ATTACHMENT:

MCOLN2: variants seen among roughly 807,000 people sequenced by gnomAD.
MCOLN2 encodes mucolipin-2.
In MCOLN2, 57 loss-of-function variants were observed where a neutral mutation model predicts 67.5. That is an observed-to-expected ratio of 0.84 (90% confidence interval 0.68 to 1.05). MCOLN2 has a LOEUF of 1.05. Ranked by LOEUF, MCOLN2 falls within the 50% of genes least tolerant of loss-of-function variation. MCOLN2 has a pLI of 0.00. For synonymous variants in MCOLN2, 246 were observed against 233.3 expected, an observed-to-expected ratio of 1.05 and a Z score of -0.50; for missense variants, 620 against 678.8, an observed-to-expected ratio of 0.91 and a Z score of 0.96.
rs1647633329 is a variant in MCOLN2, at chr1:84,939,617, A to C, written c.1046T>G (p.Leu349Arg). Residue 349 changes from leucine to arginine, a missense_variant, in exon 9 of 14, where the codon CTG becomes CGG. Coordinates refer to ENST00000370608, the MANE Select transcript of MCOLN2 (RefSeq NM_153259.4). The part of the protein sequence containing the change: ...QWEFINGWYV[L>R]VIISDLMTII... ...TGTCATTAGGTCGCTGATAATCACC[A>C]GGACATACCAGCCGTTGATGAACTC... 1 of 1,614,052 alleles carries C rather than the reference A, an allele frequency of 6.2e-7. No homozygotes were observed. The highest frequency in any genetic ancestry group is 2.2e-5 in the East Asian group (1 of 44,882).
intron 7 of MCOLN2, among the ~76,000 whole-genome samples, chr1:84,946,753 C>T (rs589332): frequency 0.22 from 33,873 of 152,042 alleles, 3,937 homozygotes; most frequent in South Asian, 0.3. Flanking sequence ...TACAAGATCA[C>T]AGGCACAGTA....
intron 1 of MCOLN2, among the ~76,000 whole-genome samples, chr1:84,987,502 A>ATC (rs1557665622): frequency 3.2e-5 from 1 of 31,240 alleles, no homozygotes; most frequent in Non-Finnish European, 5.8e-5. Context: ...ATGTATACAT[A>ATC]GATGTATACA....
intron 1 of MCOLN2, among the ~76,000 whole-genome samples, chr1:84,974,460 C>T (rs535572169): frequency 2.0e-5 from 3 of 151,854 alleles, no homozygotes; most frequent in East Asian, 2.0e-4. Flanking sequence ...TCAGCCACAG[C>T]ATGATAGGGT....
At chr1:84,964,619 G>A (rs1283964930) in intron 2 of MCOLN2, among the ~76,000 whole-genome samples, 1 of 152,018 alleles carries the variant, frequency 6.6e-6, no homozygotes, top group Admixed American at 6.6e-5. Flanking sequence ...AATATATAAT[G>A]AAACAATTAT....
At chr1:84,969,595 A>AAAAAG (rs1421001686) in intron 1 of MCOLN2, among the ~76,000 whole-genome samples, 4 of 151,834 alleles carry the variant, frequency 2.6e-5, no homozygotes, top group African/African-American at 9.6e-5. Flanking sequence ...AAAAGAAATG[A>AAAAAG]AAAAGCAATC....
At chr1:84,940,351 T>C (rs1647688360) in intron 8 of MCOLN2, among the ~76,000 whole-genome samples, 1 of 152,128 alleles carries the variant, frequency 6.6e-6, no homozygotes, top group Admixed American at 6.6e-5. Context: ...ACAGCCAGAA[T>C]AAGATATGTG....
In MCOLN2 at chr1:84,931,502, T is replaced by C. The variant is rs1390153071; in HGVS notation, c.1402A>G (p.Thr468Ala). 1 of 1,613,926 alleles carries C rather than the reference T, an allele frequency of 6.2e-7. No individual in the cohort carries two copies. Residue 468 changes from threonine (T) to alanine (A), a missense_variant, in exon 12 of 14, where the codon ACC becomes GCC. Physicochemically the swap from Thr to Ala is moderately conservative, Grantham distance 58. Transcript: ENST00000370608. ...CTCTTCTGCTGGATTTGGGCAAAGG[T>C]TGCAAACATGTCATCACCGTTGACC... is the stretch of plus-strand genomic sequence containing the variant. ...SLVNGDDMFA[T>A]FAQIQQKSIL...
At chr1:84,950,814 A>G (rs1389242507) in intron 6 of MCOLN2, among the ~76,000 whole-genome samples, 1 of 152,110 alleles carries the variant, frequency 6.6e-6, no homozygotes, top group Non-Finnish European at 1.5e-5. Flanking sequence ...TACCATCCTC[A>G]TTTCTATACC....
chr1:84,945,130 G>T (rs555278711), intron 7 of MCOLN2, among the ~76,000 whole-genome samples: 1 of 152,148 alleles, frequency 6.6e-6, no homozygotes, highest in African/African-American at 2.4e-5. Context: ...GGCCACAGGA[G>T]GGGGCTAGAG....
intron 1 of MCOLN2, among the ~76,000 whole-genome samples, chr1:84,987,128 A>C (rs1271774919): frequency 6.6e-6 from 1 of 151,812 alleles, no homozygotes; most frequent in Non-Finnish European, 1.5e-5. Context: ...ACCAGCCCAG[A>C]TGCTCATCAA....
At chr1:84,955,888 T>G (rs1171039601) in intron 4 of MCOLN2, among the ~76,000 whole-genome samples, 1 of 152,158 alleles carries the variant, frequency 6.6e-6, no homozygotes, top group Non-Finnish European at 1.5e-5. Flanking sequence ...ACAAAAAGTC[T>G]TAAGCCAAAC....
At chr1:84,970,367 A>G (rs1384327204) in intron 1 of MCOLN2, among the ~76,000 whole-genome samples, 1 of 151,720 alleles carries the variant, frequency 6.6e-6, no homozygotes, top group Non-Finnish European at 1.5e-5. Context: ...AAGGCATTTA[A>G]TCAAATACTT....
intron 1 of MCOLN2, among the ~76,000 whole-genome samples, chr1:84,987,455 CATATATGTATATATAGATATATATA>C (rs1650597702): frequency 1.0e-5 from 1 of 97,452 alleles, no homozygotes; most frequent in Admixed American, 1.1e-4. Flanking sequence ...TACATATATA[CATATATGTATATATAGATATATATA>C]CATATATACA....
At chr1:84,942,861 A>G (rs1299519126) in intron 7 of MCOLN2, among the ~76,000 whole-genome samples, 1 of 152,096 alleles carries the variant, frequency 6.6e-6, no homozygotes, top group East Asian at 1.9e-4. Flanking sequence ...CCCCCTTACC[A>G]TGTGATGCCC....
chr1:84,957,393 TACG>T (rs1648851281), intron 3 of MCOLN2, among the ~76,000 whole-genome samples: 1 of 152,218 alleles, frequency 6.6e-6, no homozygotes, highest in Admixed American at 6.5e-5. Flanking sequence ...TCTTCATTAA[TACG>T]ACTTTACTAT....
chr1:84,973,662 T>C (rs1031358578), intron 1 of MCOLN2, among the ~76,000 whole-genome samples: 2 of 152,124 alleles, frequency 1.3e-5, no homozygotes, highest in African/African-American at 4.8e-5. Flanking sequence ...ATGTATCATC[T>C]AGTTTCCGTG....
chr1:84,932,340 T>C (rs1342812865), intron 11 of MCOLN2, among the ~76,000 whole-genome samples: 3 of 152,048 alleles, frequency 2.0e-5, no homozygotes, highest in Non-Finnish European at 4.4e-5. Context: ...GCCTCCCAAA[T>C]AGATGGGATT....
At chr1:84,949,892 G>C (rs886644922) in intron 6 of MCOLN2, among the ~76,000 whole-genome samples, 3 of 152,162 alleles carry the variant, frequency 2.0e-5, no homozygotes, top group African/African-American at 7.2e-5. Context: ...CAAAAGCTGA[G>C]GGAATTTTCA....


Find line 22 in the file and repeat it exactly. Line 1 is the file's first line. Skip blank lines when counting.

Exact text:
At chr1:84,949,892 G>C (rs886644922) in intron 6 of MCOLN2, among the ~76,000 whole-genome samples, 3 of 152,162 alleles carry the variant, frequency 2.0e-5, no homozygotes, top group African/African-American at 7.2e-5. Context: ...CAAAAGCTGA[G>C]GGAATTTTCA....